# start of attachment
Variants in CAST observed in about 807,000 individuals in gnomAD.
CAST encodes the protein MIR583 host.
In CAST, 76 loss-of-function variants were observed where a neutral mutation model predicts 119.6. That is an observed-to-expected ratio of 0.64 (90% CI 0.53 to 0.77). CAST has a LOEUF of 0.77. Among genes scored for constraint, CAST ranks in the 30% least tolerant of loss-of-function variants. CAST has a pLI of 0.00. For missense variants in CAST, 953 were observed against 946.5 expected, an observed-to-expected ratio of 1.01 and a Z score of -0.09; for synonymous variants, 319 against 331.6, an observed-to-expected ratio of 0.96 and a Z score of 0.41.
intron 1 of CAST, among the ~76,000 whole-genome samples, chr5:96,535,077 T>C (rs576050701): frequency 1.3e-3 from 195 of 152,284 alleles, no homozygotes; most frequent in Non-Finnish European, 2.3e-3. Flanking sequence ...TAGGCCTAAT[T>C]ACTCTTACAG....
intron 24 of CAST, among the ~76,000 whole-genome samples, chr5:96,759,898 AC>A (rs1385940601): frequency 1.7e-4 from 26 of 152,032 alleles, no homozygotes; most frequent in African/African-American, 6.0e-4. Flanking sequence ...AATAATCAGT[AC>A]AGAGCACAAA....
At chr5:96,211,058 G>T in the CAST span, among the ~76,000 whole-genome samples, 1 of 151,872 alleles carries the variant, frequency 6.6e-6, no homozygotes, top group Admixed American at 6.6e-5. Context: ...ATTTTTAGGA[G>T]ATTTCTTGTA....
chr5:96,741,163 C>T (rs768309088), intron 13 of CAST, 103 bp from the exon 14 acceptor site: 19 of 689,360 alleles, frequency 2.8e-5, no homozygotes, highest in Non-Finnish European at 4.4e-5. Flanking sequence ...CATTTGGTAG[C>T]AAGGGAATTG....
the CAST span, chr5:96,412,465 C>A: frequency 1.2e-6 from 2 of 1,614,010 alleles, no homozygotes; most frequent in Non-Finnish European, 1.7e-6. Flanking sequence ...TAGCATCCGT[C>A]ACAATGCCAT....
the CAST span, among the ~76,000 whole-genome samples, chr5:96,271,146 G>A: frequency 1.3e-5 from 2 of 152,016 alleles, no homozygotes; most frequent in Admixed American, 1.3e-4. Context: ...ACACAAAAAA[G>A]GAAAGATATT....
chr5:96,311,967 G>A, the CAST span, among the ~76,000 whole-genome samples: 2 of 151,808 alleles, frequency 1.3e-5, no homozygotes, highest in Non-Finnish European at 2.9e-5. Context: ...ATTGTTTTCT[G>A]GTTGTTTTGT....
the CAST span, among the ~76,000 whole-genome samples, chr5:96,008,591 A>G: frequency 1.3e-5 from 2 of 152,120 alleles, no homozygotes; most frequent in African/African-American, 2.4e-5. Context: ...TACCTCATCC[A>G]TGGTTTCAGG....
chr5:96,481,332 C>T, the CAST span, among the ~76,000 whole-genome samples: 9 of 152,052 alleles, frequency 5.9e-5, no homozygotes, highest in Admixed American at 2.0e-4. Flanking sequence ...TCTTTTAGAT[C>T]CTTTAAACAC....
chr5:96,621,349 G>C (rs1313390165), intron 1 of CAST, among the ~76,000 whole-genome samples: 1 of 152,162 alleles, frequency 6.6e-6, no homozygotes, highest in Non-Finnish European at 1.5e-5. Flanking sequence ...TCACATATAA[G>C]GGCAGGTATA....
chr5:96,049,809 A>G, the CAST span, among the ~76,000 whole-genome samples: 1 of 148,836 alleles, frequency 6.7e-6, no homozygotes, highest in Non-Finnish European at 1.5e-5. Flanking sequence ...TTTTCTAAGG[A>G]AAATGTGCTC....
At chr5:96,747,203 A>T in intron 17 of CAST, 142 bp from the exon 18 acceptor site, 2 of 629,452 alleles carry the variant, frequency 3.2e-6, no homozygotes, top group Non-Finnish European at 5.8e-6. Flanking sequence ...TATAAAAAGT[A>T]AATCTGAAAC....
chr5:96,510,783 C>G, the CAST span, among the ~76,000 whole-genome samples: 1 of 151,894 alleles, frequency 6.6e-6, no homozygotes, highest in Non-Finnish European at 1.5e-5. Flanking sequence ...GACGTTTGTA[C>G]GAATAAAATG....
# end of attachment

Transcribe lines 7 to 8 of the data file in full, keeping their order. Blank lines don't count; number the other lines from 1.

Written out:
chr5:96,741,163 C>T (rs768309088), intron 13 of CAST, 103 bp from the exon 14 acceptor site: 19 of 689,360 alleles, frequency 2.8e-5, no homozygotes, highest in Non-Finnish European at 4.4e-5. Flanking sequence ...CATTTGGTAG[C>T]AAGGGAATTG....
the CAST span, chr5:96,412,465 C>A: frequency 1.2e-6 from 2 of 1,614,010 alleles, no homozygotes; most frequent in Non-Finnish European, 1.7e-6. Flanking sequence ...TAGCATCCGT[C>A]ACAATGCCAT....